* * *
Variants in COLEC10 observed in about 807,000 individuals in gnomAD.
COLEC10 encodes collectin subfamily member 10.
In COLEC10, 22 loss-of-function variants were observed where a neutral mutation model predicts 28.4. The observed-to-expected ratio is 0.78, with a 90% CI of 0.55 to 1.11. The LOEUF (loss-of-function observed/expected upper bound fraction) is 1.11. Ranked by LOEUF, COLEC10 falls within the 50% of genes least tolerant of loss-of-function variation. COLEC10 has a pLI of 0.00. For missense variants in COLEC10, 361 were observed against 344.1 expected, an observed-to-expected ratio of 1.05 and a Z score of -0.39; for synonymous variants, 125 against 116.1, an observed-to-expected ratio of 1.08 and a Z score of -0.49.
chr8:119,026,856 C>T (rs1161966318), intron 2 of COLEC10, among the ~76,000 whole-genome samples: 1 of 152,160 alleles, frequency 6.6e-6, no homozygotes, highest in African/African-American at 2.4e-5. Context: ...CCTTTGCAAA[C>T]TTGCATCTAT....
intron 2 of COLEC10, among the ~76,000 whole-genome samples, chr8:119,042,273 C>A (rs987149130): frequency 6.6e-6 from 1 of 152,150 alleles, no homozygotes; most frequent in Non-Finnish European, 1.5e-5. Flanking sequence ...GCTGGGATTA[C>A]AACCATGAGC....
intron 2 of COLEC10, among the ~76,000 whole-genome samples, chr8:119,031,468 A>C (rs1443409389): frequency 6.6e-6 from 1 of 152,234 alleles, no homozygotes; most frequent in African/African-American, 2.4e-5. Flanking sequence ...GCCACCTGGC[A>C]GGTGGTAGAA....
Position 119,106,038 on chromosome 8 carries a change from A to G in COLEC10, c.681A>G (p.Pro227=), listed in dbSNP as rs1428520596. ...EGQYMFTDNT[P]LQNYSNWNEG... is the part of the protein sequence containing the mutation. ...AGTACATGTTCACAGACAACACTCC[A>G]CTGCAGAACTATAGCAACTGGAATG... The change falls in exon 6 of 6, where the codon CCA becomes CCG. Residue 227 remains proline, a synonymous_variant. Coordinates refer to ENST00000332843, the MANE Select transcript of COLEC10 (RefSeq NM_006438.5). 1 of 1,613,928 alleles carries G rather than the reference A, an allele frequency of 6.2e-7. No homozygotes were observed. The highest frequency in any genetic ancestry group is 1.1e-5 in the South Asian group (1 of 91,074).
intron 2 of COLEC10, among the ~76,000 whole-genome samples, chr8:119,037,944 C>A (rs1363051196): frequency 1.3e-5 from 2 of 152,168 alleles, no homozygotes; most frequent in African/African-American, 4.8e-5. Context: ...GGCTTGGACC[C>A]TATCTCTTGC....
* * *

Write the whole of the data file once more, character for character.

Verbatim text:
Variants in COLEC10 observed in about 807,000 individuals in gnomAD.
COLEC10 encodes collectin subfamily member 10.
In COLEC10, 22 loss-of-function variants were observed where a neutral mutation model predicts 28.4. The observed-to-expected ratio is 0.78, with a 90% CI of 0.55 to 1.11. The LOEUF (loss-of-function observed/expected upper bound fraction) is 1.11. Ranked by LOEUF, COLEC10 falls within the 50% of genes least tolerant of loss-of-function variation. COLEC10 has a pLI of 0.00. For missense variants in COLEC10, 361 were observed against 344.1 expected, an observed-to-expected ratio of 1.05 and a Z score of -0.39; for synonymous variants, 125 against 116.1, an observed-to-expected ratio of 1.08 and a Z score of -0.49.
chr8:119,026,856 C>T (rs1161966318), intron 2 of COLEC10, among the ~76,000 whole-genome samples: 1 of 152,160 alleles, frequency 6.6e-6, no homozygotes, highest in African/African-American at 2.4e-5. Context: ...CCTTTGCAAA[C>T]TTGCATCTAT....
intron 2 of COLEC10, among the ~76,000 whole-genome samples, chr8:119,042,273 C>A (rs987149130): frequency 6.6e-6 from 1 of 152,150 alleles, no homozygotes; most frequent in Non-Finnish European, 1.5e-5. Flanking sequence ...GCTGGGATTA[C>A]AACCATGAGC....
intron 2 of COLEC10, among the ~76,000 whole-genome samples, chr8:119,031,468 A>C (rs1443409389): frequency 6.6e-6 from 1 of 152,234 alleles, no homozygotes; most frequent in African/African-American, 2.4e-5. Flanking sequence ...GCCACCTGGC[A>C]GGTGGTAGAA....
Position 119,106,038 on chromosome 8 carries a change from A to G in COLEC10, c.681A>G (p.Pro227=), listed in dbSNP as rs1428520596. ...EGQYMFTDNT[P]LQNYSNWNEG... is the part of the protein sequence containing the mutation. ...AGTACATGTTCACAGACAACACTCC[A>G]CTGCAGAACTATAGCAACTGGAATG... The change falls in exon 6 of 6, where the codon CCA becomes CCG. Residue 227 remains proline, a synonymous_variant. Coordinates refer to ENST00000332843, the MANE Select transcript of COLEC10 (RefSeq NM_006438.5). 1 of 1,613,928 alleles carries G rather than the reference A, an allele frequency of 6.2e-7. No homozygotes were observed. The highest frequency in any genetic ancestry group is 1.1e-5 in the South Asian group (1 of 91,074).
intron 2 of COLEC10, among the ~76,000 whole-genome samples, chr8:119,037,944 C>A (rs1363051196): frequency 1.3e-5 from 2 of 152,168 alleles, no homozygotes; most frequent in African/African-American, 4.8e-5. Context: ...GGCTTGGACC[C>A]TATCTCTTGC....